The Betsy Ross House in Old City not only covers the life of Ross herself, but also looks into the life of her washerwoman, Phillis. Phillis worked for Ross from 1776 until the 1780s when Betsy moved out of the famed house. She was born into slavery, and was an indentured servant until the age of twenty-one, when she was given her freedom. The Betsy Ross house has made her a part of the exhibit for Women’s History Month, giving the Philadelphia public not only a look into a woman’s life during the Revolutionary Era, but a free African American woman’s life at that time.
The house itself is a self-led walking tour that takes visitors throughout the entire house and allows them to view each room and see what it was used for. Ross herself is of course a feature on the tour, but for the month of March, the Betsy Ross House has added her laundress Phillis to the tour. For her exhibit, located in the basement of the house, Phillis talks about her job of washing Ross’ clothes and linens. Originally employed by the former owner of the house, when the owner died, Ross kept Phillis on as her washerwoman.
Phillis describes her job as being done once a month, where she comes in and cleans the entire house’s wash load, for less than what was at that time two pounds. She also describes the process in cleaning linens and clothes, which she says can take up to three days. Washerwomen were expected to come and go straight to the laundry room to clean, and that was their only obligation to the household. She described how clothes were boiled in hot water that was dyed blue to take out the stains from wearing pieces for multiple days. She also mentioned how one of the tricks behind whitening clothes was to clean them with urine, because the ammonia would help to bleach any stains on pieces of cloth.
Phillis was able to learn her “valuable domestic skills…which she used to support herself when she received her freedom” while she was an indentured servant in her youth. As stated earlier, Phillis gained her freedom when she turned twenty-one, and afterwards she became a laundress. Her career choice was not uncommon for a free African American woman of the time. In fact, free African American women in the south would sometimes actually hold slaves themselves and “The slaves…generally pursued the domestic work occupations of their holders,” one of these common occupations being a washerwoman. Though Phillis owned no slaves, she still represented a free black woman at this time and the careers that she could pursue.
In terms of how the event portrayed Phillis and her work, I feel that it was lacking in information. The house itself was interesting to see, but in terms of engaging activities, especially for younger visitors, there was really not much to do. Phillis’ presentation was short, and it was more or less an explanation of her job, and not her life or any significant contributions she may have made. The website goes into some detail about her, but there is not much past her age, when she became free, and how she ended up becoming a washerwoman. I would have liked to see a more in-depth and engaging presentation on the life of Phillis. Even if Phillis was not a real person, it would have been useful to see insight into the actual life of a free African American woman living in the north rather than just the jobs that she may have held.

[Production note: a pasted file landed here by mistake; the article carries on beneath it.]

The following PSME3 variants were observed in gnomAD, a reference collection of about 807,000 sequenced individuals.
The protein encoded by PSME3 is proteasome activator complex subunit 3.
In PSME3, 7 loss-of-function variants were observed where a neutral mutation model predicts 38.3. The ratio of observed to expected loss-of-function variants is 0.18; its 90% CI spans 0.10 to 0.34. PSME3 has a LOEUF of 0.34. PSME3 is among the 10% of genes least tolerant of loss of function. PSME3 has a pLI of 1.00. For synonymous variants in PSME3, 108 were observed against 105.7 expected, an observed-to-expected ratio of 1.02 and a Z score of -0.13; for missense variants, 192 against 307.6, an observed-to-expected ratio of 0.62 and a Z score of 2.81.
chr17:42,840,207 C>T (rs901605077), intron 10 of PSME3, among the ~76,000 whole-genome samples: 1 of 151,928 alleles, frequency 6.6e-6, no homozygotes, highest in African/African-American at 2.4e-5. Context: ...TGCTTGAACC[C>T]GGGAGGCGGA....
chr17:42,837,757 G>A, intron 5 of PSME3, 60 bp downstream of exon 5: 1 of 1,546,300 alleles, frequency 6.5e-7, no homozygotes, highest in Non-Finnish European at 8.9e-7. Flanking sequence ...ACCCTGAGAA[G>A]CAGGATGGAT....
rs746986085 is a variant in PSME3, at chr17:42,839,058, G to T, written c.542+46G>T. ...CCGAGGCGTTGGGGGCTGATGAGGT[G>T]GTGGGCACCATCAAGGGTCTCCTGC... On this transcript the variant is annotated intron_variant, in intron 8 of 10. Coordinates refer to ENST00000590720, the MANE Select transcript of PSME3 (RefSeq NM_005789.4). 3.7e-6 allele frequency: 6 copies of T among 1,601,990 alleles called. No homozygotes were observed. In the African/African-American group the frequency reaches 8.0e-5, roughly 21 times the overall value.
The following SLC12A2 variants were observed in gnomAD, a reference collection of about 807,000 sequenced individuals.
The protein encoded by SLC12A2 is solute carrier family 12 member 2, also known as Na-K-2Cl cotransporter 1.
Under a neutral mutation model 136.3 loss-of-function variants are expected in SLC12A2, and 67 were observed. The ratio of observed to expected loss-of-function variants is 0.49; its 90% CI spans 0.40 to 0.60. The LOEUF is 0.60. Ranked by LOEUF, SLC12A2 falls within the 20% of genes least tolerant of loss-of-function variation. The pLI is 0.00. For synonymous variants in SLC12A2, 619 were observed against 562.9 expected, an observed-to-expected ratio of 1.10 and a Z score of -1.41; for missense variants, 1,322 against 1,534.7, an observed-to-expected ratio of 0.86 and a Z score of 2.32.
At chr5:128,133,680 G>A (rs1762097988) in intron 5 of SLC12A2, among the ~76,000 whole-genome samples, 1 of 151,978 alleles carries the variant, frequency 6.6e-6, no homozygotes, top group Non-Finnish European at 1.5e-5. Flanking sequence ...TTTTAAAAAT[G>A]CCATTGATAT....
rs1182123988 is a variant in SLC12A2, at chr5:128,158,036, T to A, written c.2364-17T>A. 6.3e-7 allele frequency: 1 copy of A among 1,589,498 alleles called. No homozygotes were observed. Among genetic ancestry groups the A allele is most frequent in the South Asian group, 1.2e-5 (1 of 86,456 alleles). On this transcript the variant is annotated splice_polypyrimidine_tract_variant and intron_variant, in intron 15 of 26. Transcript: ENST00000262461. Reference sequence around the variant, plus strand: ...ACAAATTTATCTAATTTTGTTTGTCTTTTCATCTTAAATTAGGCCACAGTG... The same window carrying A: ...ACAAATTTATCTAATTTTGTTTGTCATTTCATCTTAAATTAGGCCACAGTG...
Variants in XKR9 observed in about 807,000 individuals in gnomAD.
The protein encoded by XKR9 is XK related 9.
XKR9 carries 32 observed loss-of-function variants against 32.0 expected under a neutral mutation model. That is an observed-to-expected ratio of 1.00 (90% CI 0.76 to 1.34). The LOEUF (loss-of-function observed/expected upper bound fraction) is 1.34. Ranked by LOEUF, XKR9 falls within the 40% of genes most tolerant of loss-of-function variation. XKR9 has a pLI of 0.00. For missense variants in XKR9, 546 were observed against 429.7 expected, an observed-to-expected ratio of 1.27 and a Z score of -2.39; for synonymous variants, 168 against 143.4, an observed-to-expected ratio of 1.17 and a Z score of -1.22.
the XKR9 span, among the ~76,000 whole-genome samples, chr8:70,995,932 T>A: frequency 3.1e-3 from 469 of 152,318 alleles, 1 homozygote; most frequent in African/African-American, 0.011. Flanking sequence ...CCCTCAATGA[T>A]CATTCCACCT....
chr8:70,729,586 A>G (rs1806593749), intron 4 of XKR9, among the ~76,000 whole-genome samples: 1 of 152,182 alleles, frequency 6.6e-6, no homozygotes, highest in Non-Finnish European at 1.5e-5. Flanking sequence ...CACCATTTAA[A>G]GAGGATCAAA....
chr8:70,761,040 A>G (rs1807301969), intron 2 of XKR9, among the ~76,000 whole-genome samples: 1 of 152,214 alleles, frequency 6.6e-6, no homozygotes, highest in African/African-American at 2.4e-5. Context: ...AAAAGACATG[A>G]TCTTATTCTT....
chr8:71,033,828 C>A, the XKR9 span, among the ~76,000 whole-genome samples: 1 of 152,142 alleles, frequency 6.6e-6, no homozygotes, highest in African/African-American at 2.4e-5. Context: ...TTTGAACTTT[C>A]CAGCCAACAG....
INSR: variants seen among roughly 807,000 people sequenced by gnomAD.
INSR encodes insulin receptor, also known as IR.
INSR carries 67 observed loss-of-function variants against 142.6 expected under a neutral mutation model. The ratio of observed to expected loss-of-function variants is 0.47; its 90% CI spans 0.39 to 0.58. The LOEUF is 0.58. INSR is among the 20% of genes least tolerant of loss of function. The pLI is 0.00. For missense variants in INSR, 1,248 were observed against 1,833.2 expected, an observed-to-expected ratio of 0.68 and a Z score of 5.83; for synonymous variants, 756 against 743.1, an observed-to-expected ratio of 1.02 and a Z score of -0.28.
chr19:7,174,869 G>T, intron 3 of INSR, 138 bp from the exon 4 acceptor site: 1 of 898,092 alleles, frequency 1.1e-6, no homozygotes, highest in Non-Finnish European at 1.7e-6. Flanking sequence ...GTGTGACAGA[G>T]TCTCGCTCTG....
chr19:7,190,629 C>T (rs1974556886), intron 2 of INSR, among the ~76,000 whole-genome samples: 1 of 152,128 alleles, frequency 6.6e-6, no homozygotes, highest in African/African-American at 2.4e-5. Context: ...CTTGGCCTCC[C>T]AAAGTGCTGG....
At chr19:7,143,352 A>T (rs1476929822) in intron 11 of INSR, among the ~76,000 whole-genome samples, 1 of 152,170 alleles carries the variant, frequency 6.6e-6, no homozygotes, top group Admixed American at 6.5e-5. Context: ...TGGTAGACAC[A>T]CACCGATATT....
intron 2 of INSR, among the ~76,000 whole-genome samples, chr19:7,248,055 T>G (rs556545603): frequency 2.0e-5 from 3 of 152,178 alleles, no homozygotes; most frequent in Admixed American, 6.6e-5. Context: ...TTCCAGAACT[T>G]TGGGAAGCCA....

Phillis represents a typical free African American woman of the time. While she is able to obtain freedom and find a job, like most of her fellow free women at the time, her work reflects the types of jobs that they were generally funneled into at this time. Even as free men and women, many African Americans were only able to obtain service jobs for white families. Though paid for their jobs, it is still a very low wage and similar to work that they might have performed should they have lived in the south at the time.
The house itself did not seem to know much about the event either. Though it was listed as a women’s history month event online, when I went in and inquired about the event, the staff was unsure what I meant at first. There also seemed to be little preparation as well. There were no listed times on the website, so when I arrived at opening, I was told that Phillis was not scheduled to come in for another half hour. After waiting, the event still did not begin on time because the actress portraying Phillis was still setting up at the scheduled start time. I feel that the event was both poorly planned and advertised and the staff was not very helpful either.
Though we are fortunate to have such a historical site as the Betsy Ross House, I feel that it is not utilized to its full advantage. Much of the house is simply rooms with small blurbs about what each space was used for. In terms of engaging activities, there really is not much offered. Outside of the two actors that were working when I visited, there were no interactive activities, something that I believe is important for children who visit the site. Overall, I found the event to be disappointing. It was merely a character that little was known about and there was no insight into her or any of the people she may have represented. Though the main focus of the house is, of course, Betsy Ross, it is still important to give just insight into all of the characters that are included in the museum, something I wish the Betsy Ross House would have worked harder at.
 Historic Philadelphia. 2016. “Betsy Ross House: Meeting Phillis the Laundress.” Betsy Ross House. Accessed March 20, 2016. http://historicphiladelphia.org/betsy-ross-house/betsy-ross-upcoming-events/. (March 20, 2016)
 Stanley Engerman, “Free Black Women Slaveholders,” in The American Mosaic: The African American Experience, ABC-CLIO, 2010-, Accessed March 20, 2016, http://africanamerican2.abc-clio.com/.